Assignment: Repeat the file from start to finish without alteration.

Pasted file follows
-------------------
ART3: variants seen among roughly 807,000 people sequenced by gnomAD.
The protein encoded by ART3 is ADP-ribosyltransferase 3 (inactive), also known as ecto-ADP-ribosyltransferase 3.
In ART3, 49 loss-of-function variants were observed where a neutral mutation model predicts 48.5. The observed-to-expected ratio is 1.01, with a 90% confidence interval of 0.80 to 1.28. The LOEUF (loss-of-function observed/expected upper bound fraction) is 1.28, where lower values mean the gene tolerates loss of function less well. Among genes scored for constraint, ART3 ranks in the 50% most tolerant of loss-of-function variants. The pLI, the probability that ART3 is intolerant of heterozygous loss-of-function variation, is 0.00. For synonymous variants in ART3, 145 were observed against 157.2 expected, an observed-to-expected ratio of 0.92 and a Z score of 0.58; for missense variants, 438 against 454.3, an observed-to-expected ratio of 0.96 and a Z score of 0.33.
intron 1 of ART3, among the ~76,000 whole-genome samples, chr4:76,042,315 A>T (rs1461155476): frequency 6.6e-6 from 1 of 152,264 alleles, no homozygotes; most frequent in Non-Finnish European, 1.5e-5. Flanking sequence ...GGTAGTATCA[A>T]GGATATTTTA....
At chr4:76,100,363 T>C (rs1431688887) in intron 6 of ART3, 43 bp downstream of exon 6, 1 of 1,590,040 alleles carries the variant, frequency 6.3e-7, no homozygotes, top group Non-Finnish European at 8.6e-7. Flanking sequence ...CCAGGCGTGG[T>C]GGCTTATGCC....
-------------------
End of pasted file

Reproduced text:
ART3: variants seen among roughly 807,000 people sequenced by gnomAD.
The protein encoded by ART3 is ADP-ribosyltransferase 3 (inactive), also known as ecto-ADP-ribosyltransferase 3.
In ART3, 49 loss-of-function variants were observed where a neutral mutation model predicts 48.5. The observed-to-expected ratio is 1.01, with a 90% confidence interval of 0.80 to 1.28. The LOEUF (loss-of-function observed/expected upper bound fraction) is 1.28, where lower values mean the gene tolerates loss of function less well. Among genes scored for constraint, ART3 ranks in the 50% most tolerant of loss-of-function variants. The pLI, the probability that ART3 is intolerant of heterozygous loss-of-function variation, is 0.00. For synonymous variants in ART3, 145 were observed against 157.2 expected, an observed-to-expected ratio of 0.92 and a Z score of 0.58; for missense variants, 438 against 454.3, an observed-to-expected ratio of 0.96 and a Z score of 0.33.
intron 1 of ART3, among the ~76,000 whole-genome samples, chr4:76,042,315 A>T (rs1461155476): frequency 6.6e-6 from 1 of 152,264 alleles, no homozygotes; most frequent in Non-Finnish European, 1.5e-5. Flanking sequence ...GGTAGTATCA[A>T]GGATATTTTA....
At chr4:76,100,363 T>C (rs1431688887) in intron 6 of ART3, 43 bp downstream of exon 6, 1 of 1,590,040 alleles carries the variant, frequency 6.3e-7, no homozygotes, top group Non-Finnish European at 8.6e-7. Flanking sequence ...CCAGGCGTGG[T>C]GGCTTATGCC....